By Rachel Murphy, Bayshore Solutions’ Accounting Team
Does your company accept credit card payments? If so, you are required to comply with standards set by the Payment Card Industry, i.e.: be PCI compliant.
There are multiple items that will transition from best practices to requirements on July 1, 2015 in accordance with the Payment Card Industry’s Data Security Standards. Below are some of the key changes you (and your IT department) should be aware of, especially when it comes to your online presence.
“Assure Your Secure Sessions”
Broken Authentication and Session Management (Section 6.5.10)
Typically, when you visit an eCommerce website that accepts credit cards, enhanced security is put into place to ensure the details of your transaction or credit card information cannot be exposed. The new standards require that coding techniques address security issues related to authentication and session management. Some of these include:
- Flagging session tokens (i.e. cookies) as “Secure.”
- Not exposing session IDs in the URL.
- Incorporating appropriate time-outs and rotation of session IDs after a successful login.
If you are using a content management system (CMS) or shopping cart that is widely available, it is very likely that these security measures are already integrated into those systems. For instance, nopCommerce is a very popular .NET eCommerce solution that is PCI compliant and one that Bayshore Solutions uses for many of our implementations. However, there are still some custom-built eCommerce platforms out there that may not use these techniques and could lead to exposure and data breaches.
You should engage your development firm to thoroughly examine your current software and coding to ensure any data or authentication risks have been properly addressed.
“Sharing is Not Caring”
Additional Requirement for Service Providers (Section 8.5.1)
If you allow any service providers with remote access to your premises (for example, for support of POS systems or servers), each provider must use a unique authentication credential (such as a password/phrase) to access your systems.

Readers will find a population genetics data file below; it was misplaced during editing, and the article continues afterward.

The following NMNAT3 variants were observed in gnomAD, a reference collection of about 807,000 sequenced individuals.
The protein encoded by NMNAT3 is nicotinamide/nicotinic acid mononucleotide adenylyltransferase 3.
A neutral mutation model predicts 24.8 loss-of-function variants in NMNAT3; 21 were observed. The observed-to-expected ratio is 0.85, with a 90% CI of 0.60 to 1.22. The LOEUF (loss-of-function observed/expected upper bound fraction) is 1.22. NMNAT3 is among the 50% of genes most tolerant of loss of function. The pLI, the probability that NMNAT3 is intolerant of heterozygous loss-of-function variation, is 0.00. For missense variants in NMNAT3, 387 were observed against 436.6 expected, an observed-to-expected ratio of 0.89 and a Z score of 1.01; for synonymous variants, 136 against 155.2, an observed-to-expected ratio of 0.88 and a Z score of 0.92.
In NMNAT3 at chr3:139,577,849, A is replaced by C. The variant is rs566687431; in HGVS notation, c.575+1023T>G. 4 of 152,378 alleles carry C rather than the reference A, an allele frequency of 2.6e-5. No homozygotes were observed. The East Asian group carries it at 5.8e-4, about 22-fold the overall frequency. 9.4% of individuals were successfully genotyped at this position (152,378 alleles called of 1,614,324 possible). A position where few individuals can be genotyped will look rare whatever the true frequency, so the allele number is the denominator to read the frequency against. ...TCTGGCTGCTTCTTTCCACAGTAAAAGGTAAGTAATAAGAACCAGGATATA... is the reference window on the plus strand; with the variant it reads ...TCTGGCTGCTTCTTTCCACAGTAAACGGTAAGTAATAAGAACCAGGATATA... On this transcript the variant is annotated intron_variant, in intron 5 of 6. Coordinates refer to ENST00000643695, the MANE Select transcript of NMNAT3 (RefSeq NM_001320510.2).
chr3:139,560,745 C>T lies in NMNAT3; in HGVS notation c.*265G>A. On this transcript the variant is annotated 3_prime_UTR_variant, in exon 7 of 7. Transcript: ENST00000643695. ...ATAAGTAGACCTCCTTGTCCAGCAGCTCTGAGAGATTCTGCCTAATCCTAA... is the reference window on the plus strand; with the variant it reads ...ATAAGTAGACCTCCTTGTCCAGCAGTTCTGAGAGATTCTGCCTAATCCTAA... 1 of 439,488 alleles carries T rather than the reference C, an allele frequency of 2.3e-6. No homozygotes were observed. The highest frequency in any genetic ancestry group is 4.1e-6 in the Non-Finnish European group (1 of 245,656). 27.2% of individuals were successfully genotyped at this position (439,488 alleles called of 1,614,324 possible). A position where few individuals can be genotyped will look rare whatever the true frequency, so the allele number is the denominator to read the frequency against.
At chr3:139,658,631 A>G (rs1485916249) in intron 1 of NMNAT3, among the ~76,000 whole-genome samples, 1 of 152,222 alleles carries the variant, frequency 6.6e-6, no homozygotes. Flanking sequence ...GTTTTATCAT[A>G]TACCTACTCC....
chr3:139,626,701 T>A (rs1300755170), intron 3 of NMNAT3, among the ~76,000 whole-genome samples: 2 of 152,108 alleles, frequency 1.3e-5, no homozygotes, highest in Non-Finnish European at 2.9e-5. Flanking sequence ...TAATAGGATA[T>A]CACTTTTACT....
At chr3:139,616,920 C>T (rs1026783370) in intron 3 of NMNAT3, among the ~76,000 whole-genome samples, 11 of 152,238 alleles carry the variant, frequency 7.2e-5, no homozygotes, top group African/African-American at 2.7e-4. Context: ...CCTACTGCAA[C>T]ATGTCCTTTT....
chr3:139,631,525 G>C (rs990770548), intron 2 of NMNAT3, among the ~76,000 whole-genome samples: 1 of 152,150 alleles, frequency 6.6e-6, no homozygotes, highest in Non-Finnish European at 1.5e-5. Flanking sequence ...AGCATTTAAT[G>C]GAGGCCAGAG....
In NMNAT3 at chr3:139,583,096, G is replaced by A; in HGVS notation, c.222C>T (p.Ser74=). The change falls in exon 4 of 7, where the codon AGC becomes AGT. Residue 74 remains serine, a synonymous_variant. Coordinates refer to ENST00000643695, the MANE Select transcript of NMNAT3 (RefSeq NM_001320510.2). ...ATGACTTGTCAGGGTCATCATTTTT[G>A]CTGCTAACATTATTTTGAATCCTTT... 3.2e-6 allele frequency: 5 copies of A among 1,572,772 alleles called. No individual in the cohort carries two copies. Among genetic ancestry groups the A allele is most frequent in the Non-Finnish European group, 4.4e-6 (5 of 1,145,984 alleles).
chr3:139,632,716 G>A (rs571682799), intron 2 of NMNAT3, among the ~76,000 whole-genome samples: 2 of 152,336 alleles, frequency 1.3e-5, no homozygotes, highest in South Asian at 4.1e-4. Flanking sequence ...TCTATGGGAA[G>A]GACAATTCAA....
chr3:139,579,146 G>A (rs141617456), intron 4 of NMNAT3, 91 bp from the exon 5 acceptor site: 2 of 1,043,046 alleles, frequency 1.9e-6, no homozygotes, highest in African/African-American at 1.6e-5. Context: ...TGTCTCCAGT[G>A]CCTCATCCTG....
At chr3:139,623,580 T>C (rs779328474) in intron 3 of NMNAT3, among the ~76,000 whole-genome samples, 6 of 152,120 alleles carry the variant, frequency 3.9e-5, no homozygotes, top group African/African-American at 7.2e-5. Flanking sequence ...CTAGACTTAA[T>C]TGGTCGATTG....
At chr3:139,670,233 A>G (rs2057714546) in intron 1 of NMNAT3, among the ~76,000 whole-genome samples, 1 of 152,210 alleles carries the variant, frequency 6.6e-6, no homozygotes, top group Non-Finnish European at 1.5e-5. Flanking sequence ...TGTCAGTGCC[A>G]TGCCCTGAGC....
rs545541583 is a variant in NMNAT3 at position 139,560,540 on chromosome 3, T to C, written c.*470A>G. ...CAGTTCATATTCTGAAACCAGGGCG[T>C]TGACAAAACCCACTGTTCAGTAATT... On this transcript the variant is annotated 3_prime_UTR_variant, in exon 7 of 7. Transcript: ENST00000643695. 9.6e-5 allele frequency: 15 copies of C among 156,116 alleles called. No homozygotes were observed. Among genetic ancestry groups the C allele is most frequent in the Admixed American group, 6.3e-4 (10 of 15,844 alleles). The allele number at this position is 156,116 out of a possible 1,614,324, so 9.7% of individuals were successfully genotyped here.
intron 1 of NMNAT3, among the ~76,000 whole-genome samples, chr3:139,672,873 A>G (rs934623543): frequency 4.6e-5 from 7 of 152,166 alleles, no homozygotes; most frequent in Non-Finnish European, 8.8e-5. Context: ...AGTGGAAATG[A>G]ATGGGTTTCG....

Otherwise, it becomes too difficult to identify the user of the account in the event of a breach. Using shared authentication is one of the easiest ways to access vulnerable data, and this change will provide increased security over previous non-password methods.
Penetration Testing (Section 11.3)
Of all the mandated changes, this one has the potential to be the most challenging and costly to implement. Merchants (that’s you) will be required to regularly test their security systems and the related processes surrounding their entire network. It’s known as penetration testing, and you are essentially trying to test the network for vulnerabilities. To simplify, you’re paying someone to hack your network.
Penetration testing is generally a highly manual process. While some automated tools may be used, the tester uses their knowledge of systems to penetrate into an environment. Often the tester will chain several types of exploits together with a goal of breaking through layers of defenses.
For example, if the tester finds a means to gain access to an application server, they will then use the compromised server as a point to stage a new attack based on the resources the server has access to. In this way, a tester is able to simulate the methods performed by an attacker to identify areas of potential weakness in the environment.
The excerpts listed above are just a few of the upcoming changes that may affect your firm, and you should be aware of all of the standards in place and how each one impacts your business. Remember, if you accept credit cards in any fashion, even if it is through a web site, you are required as a company to be PCI compliant. Not doing so can open your company to financial and legal risk in the event of a data breach.
Bayshore Solutions Offers PCI compliant web development and hosting infrastructure. Learn how we can help your eCommerce business stay compliant and competitive in the marketplace. Contact us today!
Source: Payment Card Industry (PCI) Data Security Standard, v3.0, © PCI Security Standards Council